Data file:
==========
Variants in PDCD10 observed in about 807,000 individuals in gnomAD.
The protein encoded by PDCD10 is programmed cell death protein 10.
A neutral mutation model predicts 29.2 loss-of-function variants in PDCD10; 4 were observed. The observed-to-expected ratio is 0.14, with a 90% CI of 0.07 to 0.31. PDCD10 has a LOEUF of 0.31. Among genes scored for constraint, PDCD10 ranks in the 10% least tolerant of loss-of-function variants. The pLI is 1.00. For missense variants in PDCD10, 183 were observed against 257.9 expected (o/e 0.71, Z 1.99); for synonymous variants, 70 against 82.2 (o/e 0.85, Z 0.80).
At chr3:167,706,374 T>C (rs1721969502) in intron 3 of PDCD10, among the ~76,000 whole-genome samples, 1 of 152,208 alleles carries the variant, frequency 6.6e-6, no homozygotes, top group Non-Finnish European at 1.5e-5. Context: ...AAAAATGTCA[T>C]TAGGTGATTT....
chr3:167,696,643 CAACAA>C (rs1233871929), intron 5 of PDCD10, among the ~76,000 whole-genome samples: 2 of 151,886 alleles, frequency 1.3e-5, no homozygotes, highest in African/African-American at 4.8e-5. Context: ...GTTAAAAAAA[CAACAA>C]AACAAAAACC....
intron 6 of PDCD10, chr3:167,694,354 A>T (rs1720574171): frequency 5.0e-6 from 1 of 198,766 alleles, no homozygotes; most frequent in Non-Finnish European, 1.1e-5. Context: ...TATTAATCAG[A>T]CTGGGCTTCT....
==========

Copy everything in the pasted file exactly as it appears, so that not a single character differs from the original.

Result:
Variants in PDCD10 observed in about 807,000 individuals in gnomAD.
The protein encoded by PDCD10 is programmed cell death protein 10.
A neutral mutation model predicts 29.2 loss-of-function variants in PDCD10; 4 were observed. The observed-to-expected ratio is 0.14, with a 90% CI of 0.07 to 0.31. PDCD10 has a LOEUF of 0.31. Among genes scored for constraint, PDCD10 ranks in the 10% least tolerant of loss-of-function variants. The pLI is 1.00. For missense variants in PDCD10, 183 were observed against 257.9 expected (o/e 0.71, Z 1.99); for synonymous variants, 70 against 82.2 (o/e 0.85, Z 0.80).
At chr3:167,706,374 T>C (rs1721969502) in intron 3 of PDCD10, among the ~76,000 whole-genome samples, 1 of 152,208 alleles carries the variant, frequency 6.6e-6, no homozygotes, top group Non-Finnish European at 1.5e-5. Context: ...AAAAATGTCA[T>C]TAGGTGATTT....
chr3:167,696,643 CAACAA>C (rs1233871929), intron 5 of PDCD10, among the ~76,000 whole-genome samples: 2 of 151,886 alleles, frequency 1.3e-5, no homozygotes, highest in African/African-American at 4.8e-5. Context: ...GTTAAAAAAA[CAACAA>C]AACAAAAACC....
intron 6 of PDCD10, chr3:167,694,354 A>T (rs1720574171): frequency 5.0e-6 from 1 of 198,766 alleles, no homozygotes; most frequent in Non-Finnish European, 1.1e-5. Context: ...TATTAATCAG[A>T]CTGGGCTTCT....